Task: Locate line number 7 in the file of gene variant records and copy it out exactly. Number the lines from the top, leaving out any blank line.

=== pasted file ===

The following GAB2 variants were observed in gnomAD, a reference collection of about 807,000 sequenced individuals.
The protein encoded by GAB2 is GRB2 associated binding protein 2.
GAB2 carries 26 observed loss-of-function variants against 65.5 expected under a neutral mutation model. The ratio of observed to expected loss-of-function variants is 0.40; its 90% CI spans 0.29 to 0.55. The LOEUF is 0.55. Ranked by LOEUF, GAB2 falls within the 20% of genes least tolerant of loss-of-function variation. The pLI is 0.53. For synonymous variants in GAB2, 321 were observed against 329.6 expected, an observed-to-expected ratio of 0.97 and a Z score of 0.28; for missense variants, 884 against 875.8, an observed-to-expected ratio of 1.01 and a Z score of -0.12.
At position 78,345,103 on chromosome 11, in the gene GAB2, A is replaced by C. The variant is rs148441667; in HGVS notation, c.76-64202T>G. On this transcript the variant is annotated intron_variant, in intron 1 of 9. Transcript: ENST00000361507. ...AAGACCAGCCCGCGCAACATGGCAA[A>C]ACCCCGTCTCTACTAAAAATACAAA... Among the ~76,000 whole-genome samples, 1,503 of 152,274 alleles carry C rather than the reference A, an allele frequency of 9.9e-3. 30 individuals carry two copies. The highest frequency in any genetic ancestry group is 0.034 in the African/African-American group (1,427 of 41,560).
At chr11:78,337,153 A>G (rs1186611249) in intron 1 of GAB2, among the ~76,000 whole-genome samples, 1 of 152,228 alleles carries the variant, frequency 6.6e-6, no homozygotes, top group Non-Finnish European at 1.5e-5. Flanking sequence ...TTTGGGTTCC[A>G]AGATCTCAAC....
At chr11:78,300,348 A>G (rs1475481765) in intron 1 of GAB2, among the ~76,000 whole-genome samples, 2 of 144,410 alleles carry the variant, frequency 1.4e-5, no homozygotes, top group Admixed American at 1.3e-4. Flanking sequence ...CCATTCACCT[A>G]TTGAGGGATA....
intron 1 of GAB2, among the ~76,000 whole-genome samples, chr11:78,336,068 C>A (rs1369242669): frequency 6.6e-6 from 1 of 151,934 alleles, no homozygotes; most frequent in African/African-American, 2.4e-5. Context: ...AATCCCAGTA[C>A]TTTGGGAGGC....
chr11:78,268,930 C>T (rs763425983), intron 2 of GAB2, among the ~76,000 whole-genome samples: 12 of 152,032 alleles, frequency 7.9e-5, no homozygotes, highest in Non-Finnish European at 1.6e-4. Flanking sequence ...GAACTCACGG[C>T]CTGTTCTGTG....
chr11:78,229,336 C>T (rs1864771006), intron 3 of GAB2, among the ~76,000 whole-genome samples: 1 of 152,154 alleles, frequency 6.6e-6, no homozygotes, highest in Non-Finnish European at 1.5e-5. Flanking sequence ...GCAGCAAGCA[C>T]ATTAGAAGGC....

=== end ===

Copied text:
intron 1 of GAB2, among the ~76,000 whole-genome samples, chr11:78,336,068 C>A (rs1369242669): frequency 6.6e-6 from 1 of 151,934 alleles, no homozygotes; most frequent in African/African-American, 2.4e-5. Context: ...AATCCCAGTA[C>A]TTTGGGAGGC....